Friday, March 20, 2009
Cattle were the earliest version of money—not a highly portable form, granted, but a measure of wealth that was nearly universally valued.
Next came cowrie shells scooped from shallow ocean waters, metal coins, paper bills, and the gold standard. Cold, hard cash may have become more abstract, but our relationship to it—and to the idea of buying, selling, trading, and investing—is still highly emotionally charged.
“We did not evolve to sell derivatives,” says neuroscientist Dennis Choi, executive director of Emory's Neuroscience, Human Nature and Society Initiative. “That wasn’t a driving force in human evolution. Our system to weigh risks and rewards developed for different purposes.”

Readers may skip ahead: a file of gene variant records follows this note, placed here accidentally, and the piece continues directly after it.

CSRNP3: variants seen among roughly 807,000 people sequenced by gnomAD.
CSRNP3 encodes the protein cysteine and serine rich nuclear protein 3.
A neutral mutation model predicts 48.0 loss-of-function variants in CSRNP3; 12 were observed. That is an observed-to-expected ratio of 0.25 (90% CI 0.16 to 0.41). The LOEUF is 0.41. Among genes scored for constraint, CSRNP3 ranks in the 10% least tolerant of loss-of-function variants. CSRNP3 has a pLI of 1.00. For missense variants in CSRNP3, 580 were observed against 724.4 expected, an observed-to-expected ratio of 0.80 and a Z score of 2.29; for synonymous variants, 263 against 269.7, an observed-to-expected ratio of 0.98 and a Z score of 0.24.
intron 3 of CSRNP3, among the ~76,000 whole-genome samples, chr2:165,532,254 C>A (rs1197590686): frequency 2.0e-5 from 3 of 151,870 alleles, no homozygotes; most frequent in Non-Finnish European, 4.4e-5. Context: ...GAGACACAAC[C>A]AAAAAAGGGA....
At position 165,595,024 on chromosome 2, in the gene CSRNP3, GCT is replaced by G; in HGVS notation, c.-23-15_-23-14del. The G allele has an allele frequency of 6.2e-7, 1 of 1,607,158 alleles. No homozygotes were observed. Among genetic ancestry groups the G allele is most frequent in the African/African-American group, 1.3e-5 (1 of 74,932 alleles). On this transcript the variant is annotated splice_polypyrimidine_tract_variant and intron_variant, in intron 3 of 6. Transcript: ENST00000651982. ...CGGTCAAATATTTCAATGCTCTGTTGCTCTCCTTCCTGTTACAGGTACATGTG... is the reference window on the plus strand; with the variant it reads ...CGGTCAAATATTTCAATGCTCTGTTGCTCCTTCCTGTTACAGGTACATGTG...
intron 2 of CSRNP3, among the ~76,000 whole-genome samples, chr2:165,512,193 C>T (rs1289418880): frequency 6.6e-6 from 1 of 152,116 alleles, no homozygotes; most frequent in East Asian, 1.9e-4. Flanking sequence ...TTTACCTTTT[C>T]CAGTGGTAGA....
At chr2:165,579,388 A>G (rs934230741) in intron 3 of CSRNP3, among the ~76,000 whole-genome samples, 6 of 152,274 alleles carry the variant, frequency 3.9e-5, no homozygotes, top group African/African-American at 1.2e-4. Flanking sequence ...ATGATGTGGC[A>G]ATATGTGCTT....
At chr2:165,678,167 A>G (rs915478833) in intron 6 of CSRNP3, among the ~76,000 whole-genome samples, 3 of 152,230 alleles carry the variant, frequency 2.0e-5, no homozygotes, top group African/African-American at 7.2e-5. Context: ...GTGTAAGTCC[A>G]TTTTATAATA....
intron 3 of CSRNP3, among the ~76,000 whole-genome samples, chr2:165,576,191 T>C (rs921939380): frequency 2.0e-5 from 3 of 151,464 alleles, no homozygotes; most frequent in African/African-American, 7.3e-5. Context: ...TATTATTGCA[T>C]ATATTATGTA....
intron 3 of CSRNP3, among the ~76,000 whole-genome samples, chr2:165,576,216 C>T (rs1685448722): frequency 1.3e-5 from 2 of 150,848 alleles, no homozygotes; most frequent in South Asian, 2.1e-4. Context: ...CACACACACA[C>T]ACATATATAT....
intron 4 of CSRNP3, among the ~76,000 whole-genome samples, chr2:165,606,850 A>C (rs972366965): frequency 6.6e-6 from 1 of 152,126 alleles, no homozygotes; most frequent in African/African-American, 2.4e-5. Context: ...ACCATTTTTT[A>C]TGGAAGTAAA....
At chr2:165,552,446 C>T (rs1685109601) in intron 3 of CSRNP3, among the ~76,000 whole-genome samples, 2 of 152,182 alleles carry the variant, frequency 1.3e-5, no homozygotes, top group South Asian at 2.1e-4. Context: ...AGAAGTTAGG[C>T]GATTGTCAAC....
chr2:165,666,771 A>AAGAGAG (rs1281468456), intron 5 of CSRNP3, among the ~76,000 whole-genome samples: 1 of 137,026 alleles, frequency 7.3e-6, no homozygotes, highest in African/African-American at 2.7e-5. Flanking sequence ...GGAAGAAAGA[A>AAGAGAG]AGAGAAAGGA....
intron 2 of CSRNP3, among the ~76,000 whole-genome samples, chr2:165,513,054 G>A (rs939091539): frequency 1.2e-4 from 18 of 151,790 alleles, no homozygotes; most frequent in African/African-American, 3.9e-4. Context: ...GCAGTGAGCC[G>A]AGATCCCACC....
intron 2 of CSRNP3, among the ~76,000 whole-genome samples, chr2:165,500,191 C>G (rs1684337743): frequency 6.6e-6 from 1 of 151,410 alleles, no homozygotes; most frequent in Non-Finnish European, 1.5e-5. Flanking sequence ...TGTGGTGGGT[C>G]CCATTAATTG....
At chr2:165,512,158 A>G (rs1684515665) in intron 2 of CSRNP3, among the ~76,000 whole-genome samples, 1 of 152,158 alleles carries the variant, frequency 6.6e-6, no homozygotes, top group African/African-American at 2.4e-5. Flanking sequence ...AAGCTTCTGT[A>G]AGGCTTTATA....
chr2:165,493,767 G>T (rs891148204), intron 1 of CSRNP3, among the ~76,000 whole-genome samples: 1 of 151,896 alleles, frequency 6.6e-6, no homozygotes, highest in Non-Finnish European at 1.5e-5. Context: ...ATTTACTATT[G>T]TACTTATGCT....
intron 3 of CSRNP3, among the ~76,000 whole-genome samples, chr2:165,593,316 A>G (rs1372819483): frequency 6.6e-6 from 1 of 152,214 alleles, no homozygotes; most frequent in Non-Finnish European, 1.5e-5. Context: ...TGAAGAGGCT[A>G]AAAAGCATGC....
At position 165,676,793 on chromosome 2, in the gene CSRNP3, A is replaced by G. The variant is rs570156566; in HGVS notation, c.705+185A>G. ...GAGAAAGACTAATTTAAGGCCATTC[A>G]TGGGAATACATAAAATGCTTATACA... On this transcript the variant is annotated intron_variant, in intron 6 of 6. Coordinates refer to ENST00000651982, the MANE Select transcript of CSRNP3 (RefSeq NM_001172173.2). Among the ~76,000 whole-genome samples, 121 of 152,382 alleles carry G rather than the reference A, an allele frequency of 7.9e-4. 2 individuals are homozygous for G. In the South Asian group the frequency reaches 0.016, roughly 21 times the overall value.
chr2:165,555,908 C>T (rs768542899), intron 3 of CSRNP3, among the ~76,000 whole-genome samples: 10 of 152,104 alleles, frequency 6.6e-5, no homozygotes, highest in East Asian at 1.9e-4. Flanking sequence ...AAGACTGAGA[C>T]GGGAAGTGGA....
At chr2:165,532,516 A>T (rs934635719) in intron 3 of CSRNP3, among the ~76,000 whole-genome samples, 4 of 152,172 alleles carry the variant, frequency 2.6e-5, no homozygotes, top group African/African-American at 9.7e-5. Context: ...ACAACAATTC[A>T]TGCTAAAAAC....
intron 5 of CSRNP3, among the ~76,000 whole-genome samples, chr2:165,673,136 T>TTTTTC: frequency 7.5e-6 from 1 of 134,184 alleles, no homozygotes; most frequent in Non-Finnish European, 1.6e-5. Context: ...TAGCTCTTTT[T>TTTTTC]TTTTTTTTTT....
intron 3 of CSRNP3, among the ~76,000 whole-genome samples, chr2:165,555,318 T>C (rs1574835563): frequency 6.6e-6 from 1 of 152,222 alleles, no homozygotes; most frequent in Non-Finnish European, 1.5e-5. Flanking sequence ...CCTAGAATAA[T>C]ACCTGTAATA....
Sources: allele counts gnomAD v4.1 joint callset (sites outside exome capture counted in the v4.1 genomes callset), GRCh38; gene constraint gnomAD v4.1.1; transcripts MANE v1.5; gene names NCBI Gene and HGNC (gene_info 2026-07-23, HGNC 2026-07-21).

How and why we make such value decisions is at the core of an emerging discipline: neuroeconomics, which exists at the juncture of neurobiology, psychology, and economics. By mapping the brain activity of volunteers with technologies such as functional magnetic resonance imaging (fMRIs) as they are asked to make controlled choices, scientists are able to peer beyond behavior into underlying thoughts and feelings.
Read more about Emory's pioneering efforts in neuroeconomics in the latest issue of Emory Magazine.